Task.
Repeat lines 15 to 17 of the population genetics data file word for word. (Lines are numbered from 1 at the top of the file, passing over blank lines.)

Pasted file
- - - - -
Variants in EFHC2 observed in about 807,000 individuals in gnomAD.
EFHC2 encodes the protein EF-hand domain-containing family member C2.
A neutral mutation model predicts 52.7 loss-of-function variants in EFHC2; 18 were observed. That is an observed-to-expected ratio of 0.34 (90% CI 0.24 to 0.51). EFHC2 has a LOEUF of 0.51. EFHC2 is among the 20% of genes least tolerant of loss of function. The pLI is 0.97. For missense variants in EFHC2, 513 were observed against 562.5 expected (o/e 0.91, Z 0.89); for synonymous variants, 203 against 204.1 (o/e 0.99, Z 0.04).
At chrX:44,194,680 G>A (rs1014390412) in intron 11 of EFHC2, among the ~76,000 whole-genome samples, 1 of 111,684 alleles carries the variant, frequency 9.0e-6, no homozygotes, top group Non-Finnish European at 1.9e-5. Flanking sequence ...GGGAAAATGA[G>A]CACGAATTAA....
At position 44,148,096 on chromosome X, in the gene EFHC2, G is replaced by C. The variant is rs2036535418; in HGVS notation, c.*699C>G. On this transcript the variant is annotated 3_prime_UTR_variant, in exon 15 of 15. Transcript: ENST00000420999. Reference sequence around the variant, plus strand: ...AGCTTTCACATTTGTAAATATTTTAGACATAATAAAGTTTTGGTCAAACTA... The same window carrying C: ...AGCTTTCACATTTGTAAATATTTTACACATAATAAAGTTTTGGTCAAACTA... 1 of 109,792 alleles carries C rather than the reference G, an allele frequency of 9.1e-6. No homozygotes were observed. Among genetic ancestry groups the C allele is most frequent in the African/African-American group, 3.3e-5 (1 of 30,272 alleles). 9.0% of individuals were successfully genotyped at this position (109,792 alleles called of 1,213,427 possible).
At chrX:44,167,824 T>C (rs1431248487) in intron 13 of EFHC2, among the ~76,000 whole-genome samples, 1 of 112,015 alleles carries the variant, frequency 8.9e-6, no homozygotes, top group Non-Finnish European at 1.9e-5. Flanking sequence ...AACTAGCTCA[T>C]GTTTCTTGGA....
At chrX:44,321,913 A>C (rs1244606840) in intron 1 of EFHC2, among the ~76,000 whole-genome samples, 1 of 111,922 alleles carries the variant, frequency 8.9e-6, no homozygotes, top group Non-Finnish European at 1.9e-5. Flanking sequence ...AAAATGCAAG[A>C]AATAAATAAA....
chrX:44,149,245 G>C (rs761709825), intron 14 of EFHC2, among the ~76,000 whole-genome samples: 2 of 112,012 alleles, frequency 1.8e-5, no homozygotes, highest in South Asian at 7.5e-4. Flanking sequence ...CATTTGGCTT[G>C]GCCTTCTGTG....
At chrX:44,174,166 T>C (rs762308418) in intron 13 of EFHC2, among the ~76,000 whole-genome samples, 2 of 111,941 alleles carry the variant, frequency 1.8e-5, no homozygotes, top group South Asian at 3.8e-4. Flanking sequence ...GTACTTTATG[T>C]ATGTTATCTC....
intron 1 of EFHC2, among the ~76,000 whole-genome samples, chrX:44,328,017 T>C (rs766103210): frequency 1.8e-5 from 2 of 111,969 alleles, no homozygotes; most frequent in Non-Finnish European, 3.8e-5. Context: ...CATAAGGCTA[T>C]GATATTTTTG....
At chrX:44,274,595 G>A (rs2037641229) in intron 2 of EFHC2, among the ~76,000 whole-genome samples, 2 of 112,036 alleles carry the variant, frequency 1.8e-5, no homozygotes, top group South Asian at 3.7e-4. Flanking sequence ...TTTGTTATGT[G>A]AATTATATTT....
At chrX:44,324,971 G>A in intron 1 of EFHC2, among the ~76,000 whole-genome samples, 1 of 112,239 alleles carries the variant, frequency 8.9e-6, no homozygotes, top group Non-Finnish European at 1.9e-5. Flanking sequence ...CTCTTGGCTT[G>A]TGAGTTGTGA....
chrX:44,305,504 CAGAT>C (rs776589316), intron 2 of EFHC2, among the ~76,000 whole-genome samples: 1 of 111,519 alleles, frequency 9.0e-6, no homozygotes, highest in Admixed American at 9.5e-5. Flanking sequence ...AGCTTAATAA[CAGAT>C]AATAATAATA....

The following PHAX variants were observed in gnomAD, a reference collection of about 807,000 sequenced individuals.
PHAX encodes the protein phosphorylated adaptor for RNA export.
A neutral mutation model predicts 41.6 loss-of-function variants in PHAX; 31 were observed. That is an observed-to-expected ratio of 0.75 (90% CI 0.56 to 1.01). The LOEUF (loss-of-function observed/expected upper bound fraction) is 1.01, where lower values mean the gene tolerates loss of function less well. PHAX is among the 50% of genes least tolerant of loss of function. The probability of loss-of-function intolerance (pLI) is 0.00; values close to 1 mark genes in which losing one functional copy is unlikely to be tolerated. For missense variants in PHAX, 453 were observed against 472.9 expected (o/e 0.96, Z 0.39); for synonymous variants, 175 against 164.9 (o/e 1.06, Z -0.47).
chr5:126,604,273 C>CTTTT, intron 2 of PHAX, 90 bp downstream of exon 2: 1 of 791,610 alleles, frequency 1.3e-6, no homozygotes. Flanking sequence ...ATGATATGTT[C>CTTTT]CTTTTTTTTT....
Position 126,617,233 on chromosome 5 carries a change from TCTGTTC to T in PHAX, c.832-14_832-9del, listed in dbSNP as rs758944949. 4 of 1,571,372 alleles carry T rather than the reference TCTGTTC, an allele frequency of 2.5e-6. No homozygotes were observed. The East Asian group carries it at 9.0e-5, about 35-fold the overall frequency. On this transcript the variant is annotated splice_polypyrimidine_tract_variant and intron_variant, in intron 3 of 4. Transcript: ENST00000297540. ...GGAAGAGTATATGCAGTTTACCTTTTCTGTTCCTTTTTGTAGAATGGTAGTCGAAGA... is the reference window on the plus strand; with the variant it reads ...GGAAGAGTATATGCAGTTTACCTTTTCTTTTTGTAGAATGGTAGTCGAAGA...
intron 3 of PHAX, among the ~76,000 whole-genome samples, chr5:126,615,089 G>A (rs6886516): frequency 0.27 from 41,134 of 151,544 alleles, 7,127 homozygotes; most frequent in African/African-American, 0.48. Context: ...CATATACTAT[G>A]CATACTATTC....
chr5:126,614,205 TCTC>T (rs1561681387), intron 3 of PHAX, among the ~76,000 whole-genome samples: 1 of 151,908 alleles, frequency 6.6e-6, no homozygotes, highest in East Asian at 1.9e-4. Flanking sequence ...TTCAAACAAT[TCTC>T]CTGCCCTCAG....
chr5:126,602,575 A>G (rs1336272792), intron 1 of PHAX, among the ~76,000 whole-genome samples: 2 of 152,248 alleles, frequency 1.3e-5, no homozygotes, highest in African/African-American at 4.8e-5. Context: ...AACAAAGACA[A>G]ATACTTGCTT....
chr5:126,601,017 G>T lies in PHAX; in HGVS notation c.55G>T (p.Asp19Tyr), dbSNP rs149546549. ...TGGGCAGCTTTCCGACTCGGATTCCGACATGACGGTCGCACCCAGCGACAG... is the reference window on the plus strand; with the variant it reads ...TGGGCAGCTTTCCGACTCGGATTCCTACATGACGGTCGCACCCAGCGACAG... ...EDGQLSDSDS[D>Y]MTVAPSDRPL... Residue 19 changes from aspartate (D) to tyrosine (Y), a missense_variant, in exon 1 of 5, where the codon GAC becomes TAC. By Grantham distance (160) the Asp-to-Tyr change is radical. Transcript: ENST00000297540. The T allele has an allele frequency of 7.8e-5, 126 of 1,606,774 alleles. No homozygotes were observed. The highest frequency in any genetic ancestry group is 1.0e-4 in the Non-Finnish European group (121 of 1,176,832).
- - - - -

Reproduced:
PHAX encodes the protein phosphorylated adaptor for RNA export.
A neutral mutation model predicts 41.6 loss-of-function variants in PHAX; 31 were observed. That is an observed-to-expected ratio of 0.75 (90% CI 0.56 to 1.01). The LOEUF (loss-of-function observed/expected upper bound fraction) is 1.01, where lower values mean the gene tolerates loss of function less well. PHAX is among the 50% of genes least tolerant of loss of function. The probability of loss-of-function intolerance (pLI) is 0.00; values close to 1 mark genes in which losing one functional copy is unlikely to be tolerated. For missense variants in PHAX, 453 were observed against 472.9 expected (o/e 0.96, Z 0.39); for synonymous variants, 175 against 164.9 (o/e 1.06, Z -0.47).
chr5:126,604,273 C>CTTTT, intron 2 of PHAX, 90 bp downstream of exon 2: 1 of 791,610 alleles, frequency 1.3e-6, no homozygotes. Flanking sequence ...ATGATATGTT[C>CTTTT]CTTTTTTTTT....